D.S.: I was still on the expense side of the budget. And I’m still managing expenses — Jean-Pierre Bonnefoux’s budget, basically. My job was to ensure he got what he needed, but we didn’t always get what we wanted. Jean-Pierre was willing to compromise and think about issues in a different way. I had just gotten off the road with the Ailey company after my first son was born, but North Carolina Dance Theatre was still touring regularly — funding for regional touring was still strong then. As the director of operations for NCDT, I observed how the artistic director and the executive director were managing their relationships, both the good and the bad of that. I had all the experience of how to run production teams in both union and non-union houses and … it went very, very well and for the next nine years. I thought I’d be in Charlotte for a year or two, but … I knew I could continue to grow as an individual, so I stayed.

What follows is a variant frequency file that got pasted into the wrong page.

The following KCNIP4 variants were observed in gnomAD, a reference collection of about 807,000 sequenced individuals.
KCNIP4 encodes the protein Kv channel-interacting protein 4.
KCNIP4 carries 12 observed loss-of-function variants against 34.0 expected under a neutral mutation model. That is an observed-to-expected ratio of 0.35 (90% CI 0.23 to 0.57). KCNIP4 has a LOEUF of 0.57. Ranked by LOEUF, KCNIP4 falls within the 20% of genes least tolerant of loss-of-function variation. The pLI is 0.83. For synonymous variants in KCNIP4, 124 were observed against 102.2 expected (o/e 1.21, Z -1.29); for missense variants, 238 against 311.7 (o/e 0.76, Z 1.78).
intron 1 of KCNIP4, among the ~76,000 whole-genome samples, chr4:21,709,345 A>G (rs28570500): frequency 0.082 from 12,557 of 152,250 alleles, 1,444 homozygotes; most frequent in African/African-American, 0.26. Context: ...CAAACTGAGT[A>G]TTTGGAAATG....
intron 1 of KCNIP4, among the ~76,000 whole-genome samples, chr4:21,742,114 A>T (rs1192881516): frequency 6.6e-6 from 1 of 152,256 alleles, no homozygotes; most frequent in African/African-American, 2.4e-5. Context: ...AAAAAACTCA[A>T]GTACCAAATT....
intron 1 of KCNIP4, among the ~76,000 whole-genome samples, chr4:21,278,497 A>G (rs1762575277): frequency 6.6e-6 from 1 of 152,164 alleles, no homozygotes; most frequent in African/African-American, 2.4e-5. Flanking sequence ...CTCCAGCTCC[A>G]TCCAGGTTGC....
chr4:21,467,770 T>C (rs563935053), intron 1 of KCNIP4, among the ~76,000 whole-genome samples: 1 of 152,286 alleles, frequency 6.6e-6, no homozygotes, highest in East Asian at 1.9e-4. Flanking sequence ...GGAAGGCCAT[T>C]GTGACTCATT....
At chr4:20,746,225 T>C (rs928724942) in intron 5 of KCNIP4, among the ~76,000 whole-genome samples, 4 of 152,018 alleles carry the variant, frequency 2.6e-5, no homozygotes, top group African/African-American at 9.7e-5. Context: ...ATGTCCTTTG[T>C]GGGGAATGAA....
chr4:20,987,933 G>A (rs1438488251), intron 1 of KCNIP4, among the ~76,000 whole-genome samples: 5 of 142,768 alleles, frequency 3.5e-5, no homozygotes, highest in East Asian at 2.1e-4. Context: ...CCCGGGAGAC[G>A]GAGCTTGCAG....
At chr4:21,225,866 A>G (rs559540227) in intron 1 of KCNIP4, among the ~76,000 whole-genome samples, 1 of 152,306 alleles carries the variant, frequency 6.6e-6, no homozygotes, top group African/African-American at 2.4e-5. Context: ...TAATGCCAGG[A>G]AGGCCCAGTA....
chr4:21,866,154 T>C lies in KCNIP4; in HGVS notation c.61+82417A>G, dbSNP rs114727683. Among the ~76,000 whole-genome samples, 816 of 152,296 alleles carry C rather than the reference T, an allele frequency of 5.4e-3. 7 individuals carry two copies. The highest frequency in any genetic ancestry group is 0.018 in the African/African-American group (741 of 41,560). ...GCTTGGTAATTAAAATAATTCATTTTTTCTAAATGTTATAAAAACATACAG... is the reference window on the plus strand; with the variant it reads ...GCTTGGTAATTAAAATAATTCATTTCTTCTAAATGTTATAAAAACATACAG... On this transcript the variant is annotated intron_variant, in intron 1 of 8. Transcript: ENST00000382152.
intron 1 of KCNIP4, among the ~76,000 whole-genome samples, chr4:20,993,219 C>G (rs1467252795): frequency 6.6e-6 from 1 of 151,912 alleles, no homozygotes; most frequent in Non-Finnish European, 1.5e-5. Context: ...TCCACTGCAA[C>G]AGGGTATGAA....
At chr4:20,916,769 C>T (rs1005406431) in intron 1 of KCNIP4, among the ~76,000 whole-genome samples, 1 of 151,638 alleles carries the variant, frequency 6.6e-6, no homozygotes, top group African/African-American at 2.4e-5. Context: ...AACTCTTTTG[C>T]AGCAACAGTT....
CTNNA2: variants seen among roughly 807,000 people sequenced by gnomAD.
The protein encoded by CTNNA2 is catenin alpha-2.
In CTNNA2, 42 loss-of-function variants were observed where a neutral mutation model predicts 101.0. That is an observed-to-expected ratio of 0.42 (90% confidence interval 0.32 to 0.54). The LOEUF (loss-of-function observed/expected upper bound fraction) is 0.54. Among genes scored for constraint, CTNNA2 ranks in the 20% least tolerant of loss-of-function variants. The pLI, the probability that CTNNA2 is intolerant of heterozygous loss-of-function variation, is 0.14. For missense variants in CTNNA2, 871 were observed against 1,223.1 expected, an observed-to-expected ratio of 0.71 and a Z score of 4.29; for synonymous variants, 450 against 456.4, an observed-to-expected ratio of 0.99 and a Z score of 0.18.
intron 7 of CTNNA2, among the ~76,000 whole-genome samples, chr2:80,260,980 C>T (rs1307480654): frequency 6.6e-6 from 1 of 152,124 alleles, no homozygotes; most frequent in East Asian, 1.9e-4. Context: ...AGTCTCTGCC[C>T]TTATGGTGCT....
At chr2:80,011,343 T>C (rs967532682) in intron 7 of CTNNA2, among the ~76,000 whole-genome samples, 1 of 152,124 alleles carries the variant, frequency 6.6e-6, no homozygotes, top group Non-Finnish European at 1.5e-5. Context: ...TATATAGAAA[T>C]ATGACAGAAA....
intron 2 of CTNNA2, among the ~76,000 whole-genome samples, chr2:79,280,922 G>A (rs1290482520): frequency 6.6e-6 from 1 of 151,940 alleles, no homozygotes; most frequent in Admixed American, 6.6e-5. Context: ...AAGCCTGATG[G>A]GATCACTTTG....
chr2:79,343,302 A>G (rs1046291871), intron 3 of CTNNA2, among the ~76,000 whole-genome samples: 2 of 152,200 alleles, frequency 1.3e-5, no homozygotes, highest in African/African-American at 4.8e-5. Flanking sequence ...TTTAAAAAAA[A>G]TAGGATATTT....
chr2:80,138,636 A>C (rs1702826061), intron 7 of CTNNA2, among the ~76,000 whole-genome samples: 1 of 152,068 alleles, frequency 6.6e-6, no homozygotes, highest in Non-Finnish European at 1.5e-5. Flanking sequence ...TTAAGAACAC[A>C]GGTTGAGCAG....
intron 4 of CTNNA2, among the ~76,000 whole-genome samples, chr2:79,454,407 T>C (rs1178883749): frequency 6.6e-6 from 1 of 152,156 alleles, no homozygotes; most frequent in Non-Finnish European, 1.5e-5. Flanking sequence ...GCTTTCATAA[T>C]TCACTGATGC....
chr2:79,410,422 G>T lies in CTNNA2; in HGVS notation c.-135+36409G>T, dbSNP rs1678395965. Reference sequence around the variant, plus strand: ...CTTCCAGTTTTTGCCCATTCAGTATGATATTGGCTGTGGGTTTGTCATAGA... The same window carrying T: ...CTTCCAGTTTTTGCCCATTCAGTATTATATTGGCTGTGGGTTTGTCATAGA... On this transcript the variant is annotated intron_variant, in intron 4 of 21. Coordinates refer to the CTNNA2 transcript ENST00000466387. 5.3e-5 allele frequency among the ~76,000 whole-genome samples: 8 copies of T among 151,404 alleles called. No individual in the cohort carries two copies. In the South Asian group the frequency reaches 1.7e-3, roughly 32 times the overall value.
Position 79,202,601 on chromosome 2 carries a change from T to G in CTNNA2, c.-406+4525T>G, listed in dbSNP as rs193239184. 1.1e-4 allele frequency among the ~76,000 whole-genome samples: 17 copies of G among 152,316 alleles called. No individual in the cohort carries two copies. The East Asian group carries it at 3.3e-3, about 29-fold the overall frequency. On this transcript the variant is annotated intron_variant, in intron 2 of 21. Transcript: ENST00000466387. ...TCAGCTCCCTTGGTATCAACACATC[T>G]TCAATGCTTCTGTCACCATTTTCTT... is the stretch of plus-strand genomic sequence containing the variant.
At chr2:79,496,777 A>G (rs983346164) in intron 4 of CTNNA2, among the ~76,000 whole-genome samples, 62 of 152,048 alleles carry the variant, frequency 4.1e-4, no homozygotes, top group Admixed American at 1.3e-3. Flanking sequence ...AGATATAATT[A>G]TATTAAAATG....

I tell people that when you get that first job at a non-profit and when one of your colleagues moves on, take on their responsibilities. We were a small organization. When I got there we were barely a $1 million organization. I was doing other contract work as well, keeping myself busy and hustling for the next paycheck.
From touring with Ailey I learned that you have to take care of your artists and you have to have a standard of quality that your artists can be guaranteed on the road, no matter what stage they walked onto. I took that to heart. It was my responsibility and I instilled that into the staff. We made sure our artists were taken care of so by the time they walked out on the stage, pre-production was done, so they could have their space. That was important.